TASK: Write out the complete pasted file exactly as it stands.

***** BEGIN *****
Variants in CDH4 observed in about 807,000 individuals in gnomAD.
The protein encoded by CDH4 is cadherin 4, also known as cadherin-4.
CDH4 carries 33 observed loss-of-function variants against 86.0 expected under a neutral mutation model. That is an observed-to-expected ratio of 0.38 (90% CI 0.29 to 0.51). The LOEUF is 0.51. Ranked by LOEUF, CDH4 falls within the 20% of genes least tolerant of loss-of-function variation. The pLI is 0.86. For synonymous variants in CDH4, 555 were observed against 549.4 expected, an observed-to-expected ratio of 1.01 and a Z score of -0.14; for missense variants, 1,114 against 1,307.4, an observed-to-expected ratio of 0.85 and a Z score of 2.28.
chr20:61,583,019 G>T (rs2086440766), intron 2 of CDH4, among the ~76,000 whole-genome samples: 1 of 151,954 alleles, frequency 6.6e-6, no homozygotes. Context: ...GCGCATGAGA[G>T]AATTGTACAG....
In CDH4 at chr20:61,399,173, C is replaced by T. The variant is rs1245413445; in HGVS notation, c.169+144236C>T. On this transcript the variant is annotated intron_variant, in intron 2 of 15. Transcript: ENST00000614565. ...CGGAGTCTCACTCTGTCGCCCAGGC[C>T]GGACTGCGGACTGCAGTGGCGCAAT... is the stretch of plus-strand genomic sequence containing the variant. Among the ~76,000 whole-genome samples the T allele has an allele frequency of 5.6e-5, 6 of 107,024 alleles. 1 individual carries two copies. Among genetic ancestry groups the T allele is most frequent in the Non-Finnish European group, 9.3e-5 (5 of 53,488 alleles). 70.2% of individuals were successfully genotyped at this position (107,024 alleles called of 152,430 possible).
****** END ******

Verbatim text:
Variants in CDH4 observed in about 807,000 individuals in gnomAD.
The protein encoded by CDH4 is cadherin 4, also known as cadherin-4.
CDH4 carries 33 observed loss-of-function variants against 86.0 expected under a neutral mutation model. That is an observed-to-expected ratio of 0.38 (90% CI 0.29 to 0.51). The LOEUF is 0.51. Ranked by LOEUF, CDH4 falls within the 20% of genes least tolerant of loss-of-function variation. The pLI is 0.86. For synonymous variants in CDH4, 555 were observed against 549.4 expected, an observed-to-expected ratio of 1.01 and a Z score of -0.14; for missense variants, 1,114 against 1,307.4, an observed-to-expected ratio of 0.85 and a Z score of 2.28.
chr20:61,583,019 G>T (rs2086440766), intron 2 of CDH4, among the ~76,000 whole-genome samples: 1 of 151,954 alleles, frequency 6.6e-6, no homozygotes. Context: ...GCGCATGAGA[G>T]AATTGTACAG....
In CDH4 at chr20:61,399,173, C is replaced by T. The variant is rs1245413445; in HGVS notation, c.169+144236C>T. On this transcript the variant is annotated intron_variant, in intron 2 of 15. Transcript: ENST00000614565. ...CGGAGTCTCACTCTGTCGCCCAGGC[C>T]GGACTGCGGACTGCAGTGGCGCAAT... is the stretch of plus-strand genomic sequence containing the variant. Among the ~76,000 whole-genome samples the T allele has an allele frequency of 5.6e-5, 6 of 107,024 alleles. 1 individual carries two copies. Among genetic ancestry groups the T allele is most frequent in the Non-Finnish European group, 9.3e-5 (5 of 53,488 alleles). 70.2% of individuals were successfully genotyped at this position (107,024 alleles called of 152,430 possible).